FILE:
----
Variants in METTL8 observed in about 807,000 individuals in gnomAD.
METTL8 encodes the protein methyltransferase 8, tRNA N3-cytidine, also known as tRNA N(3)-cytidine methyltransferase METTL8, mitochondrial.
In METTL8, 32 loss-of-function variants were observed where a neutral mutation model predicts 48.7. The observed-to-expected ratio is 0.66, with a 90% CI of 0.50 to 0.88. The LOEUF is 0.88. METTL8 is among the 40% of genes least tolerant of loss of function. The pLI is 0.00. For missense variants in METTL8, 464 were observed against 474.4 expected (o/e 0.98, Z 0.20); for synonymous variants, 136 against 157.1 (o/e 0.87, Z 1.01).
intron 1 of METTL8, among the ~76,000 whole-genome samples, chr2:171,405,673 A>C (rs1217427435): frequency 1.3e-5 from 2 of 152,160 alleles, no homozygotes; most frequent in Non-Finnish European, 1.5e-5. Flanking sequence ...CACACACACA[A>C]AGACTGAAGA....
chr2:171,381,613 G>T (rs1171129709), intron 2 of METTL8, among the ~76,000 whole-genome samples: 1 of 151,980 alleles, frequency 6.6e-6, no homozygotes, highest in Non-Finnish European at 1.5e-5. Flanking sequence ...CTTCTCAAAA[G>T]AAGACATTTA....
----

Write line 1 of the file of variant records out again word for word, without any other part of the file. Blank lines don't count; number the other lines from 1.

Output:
Variants in METTL8 observed in about 807,000 individuals in gnomAD.